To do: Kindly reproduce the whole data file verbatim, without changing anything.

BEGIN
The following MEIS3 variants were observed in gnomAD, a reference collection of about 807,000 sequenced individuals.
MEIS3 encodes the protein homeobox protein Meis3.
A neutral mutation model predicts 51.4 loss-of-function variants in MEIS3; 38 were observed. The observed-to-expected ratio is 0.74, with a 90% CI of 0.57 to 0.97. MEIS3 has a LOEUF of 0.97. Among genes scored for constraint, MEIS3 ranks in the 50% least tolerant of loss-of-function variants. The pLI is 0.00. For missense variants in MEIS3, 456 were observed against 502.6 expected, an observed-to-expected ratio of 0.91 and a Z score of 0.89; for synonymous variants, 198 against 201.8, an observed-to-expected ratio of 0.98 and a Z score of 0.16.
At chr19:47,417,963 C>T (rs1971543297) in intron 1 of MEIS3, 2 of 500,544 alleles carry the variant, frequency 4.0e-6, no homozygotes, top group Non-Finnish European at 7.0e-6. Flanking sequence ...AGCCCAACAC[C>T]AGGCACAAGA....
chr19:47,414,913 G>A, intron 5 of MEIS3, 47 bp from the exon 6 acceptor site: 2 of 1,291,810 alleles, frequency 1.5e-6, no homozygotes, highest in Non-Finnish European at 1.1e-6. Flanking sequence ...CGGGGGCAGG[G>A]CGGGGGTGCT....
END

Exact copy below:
The following MEIS3 variants were observed in gnomAD, a reference collection of about 807,000 sequenced individuals.
MEIS3 encodes the protein homeobox protein Meis3.
A neutral mutation model predicts 51.4 loss-of-function variants in MEIS3; 38 were observed. The observed-to-expected ratio is 0.74, with a 90% CI of 0.57 to 0.97. MEIS3 has a LOEUF of 0.97. Among genes scored for constraint, MEIS3 ranks in the 50% least tolerant of loss-of-function variants. The pLI is 0.00. For missense variants in MEIS3, 456 were observed against 502.6 expected, an observed-to-expected ratio of 0.91 and a Z score of 0.89; for synonymous variants, 198 against 201.8, an observed-to-expected ratio of 0.98 and a Z score of 0.16.
At chr19:47,417,963 C>T (rs1971543297) in intron 1 of MEIS3, 2 of 500,544 alleles carry the variant, frequency 4.0e-6, no homozygotes, top group Non-Finnish European at 7.0e-6. Flanking sequence ...AGCCCAACAC[C>T]AGGCACAAGA....
chr19:47,414,913 G>A, intron 5 of MEIS3, 47 bp from the exon 6 acceptor site: 2 of 1,291,810 alleles, frequency 1.5e-6, no homozygotes, highest in Non-Finnish European at 1.1e-6. Flanking sequence ...CGGGGGCAGG[G>A]CGGGGGTGCT....